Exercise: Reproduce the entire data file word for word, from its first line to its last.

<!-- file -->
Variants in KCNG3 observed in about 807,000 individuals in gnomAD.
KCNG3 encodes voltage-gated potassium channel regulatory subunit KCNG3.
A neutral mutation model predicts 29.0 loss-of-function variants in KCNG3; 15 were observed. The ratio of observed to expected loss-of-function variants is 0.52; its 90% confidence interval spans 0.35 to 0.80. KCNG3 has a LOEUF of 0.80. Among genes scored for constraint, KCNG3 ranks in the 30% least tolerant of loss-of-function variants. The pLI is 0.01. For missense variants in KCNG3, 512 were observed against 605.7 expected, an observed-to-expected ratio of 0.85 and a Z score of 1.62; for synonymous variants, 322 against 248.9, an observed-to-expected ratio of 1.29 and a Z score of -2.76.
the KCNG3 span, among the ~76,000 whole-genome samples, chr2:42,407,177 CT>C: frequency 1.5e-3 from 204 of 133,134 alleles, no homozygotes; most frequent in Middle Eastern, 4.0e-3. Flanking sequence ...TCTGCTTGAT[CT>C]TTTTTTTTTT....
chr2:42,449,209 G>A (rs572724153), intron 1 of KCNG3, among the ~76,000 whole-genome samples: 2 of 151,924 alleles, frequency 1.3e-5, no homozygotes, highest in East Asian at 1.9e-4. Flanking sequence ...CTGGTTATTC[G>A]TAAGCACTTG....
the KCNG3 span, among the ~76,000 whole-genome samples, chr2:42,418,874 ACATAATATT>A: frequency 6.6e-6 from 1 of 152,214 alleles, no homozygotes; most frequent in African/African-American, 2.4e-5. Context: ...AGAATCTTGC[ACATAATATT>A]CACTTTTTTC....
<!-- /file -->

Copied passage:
Variants in KCNG3 observed in about 807,000 individuals in gnomAD.
KCNG3 encodes voltage-gated potassium channel regulatory subunit KCNG3.
A neutral mutation model predicts 29.0 loss-of-function variants in KCNG3; 15 were observed. The ratio of observed to expected loss-of-function variants is 0.52; its 90% confidence interval spans 0.35 to 0.80. KCNG3 has a LOEUF of 0.80. Among genes scored for constraint, KCNG3 ranks in the 30% least tolerant of loss-of-function variants. The pLI is 0.01. For missense variants in KCNG3, 512 were observed against 605.7 expected, an observed-to-expected ratio of 0.85 and a Z score of 1.62; for synonymous variants, 322 against 248.9, an observed-to-expected ratio of 1.29 and a Z score of -2.76.
the KCNG3 span, among the ~76,000 whole-genome samples, chr2:42,407,177 CT>C: frequency 1.5e-3 from 204 of 133,134 alleles, no homozygotes; most frequent in Middle Eastern, 4.0e-3. Flanking sequence ...TCTGCTTGAT[CT>C]TTTTTTTTTT....
chr2:42,449,209 G>A (rs572724153), intron 1 of KCNG3, among the ~76,000 whole-genome samples: 2 of 151,924 alleles, frequency 1.3e-5, no homozygotes, highest in East Asian at 1.9e-4. Flanking sequence ...CTGGTTATTC[G>A]TAAGCACTTG....
the KCNG3 span, among the ~76,000 whole-genome samples, chr2:42,418,874 ACATAATATT>A: frequency 6.6e-6 from 1 of 152,214 alleles, no homozygotes; most frequent in African/African-American, 2.4e-5. Context: ...AGAATCTTGC[ACATAATATT>A]CACTTTTTTC....